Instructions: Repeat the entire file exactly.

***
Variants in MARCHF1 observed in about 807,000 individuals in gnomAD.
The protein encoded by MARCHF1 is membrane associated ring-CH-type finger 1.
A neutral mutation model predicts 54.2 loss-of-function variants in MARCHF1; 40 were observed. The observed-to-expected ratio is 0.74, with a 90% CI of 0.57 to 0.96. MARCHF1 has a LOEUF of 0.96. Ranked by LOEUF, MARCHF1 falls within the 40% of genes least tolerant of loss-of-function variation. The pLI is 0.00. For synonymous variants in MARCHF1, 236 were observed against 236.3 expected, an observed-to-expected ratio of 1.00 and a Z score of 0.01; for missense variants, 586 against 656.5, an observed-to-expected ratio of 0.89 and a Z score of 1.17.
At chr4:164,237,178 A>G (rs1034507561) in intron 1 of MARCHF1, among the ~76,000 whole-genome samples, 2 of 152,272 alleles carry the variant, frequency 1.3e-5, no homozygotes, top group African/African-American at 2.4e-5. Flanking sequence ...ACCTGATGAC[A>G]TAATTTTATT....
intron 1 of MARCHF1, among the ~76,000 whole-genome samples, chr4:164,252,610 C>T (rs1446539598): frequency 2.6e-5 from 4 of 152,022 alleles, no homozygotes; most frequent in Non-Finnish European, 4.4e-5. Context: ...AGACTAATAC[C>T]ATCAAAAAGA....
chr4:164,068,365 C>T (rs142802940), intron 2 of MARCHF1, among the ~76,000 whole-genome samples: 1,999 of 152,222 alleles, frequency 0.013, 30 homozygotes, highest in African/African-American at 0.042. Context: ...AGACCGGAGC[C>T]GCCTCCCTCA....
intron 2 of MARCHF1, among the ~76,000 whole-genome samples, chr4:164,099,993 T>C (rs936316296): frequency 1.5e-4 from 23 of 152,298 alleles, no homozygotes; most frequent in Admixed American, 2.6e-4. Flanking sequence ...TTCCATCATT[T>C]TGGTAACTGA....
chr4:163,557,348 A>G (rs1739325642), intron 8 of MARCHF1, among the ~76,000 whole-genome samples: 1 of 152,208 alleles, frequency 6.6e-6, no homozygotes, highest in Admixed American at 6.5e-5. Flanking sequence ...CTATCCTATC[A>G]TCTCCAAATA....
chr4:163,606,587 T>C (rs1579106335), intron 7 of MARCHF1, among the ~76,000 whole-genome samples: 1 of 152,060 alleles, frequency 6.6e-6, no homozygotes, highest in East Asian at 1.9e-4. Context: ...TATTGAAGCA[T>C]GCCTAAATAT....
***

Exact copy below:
Variants in MARCHF1 observed in about 807,000 individuals in gnomAD.
The protein encoded by MARCHF1 is membrane associated ring-CH-type finger 1.
A neutral mutation model predicts 54.2 loss-of-function variants in MARCHF1; 40 were observed. The observed-to-expected ratio is 0.74, with a 90% CI of 0.57 to 0.96. MARCHF1 has a LOEUF of 0.96. Ranked by LOEUF, MARCHF1 falls within the 40% of genes least tolerant of loss-of-function variation. The pLI is 0.00. For synonymous variants in MARCHF1, 236 were observed against 236.3 expected, an observed-to-expected ratio of 1.00 and a Z score of 0.01; for missense variants, 586 against 656.5, an observed-to-expected ratio of 0.89 and a Z score of 1.17.
At chr4:164,237,178 A>G (rs1034507561) in intron 1 of MARCHF1, among the ~76,000 whole-genome samples, 2 of 152,272 alleles carry the variant, frequency 1.3e-5, no homozygotes, top group African/African-American at 2.4e-5. Flanking sequence ...ACCTGATGAC[A>G]TAATTTTATT....
intron 1 of MARCHF1, among the ~76,000 whole-genome samples, chr4:164,252,610 C>T (rs1446539598): frequency 2.6e-5 from 4 of 152,022 alleles, no homozygotes; most frequent in Non-Finnish European, 4.4e-5. Context: ...AGACTAATAC[C>T]ATCAAAAAGA....
chr4:164,068,365 C>T (rs142802940), intron 2 of MARCHF1, among the ~76,000 whole-genome samples: 1,999 of 152,222 alleles, frequency 0.013, 30 homozygotes, highest in African/African-American at 0.042. Context: ...AGACCGGAGC[C>T]GCCTCCCTCA....
intron 2 of MARCHF1, among the ~76,000 whole-genome samples, chr4:164,099,993 T>C (rs936316296): frequency 1.5e-4 from 23 of 152,298 alleles, no homozygotes; most frequent in Admixed American, 2.6e-4. Flanking sequence ...TTCCATCATT[T>C]TGGTAACTGA....
chr4:163,557,348 A>G (rs1739325642), intron 8 of MARCHF1, among the ~76,000 whole-genome samples: 1 of 152,208 alleles, frequency 6.6e-6, no homozygotes, highest in Admixed American at 6.5e-5. Flanking sequence ...CTATCCTATC[A>G]TCTCCAAATA....
chr4:163,606,587 T>C (rs1579106335), intron 7 of MARCHF1, among the ~76,000 whole-genome samples: 1 of 152,060 alleles, frequency 6.6e-6, no homozygotes, highest in East Asian at 1.9e-4. Context: ...TATTGAAGCA[T>C]GCCTAAATAT....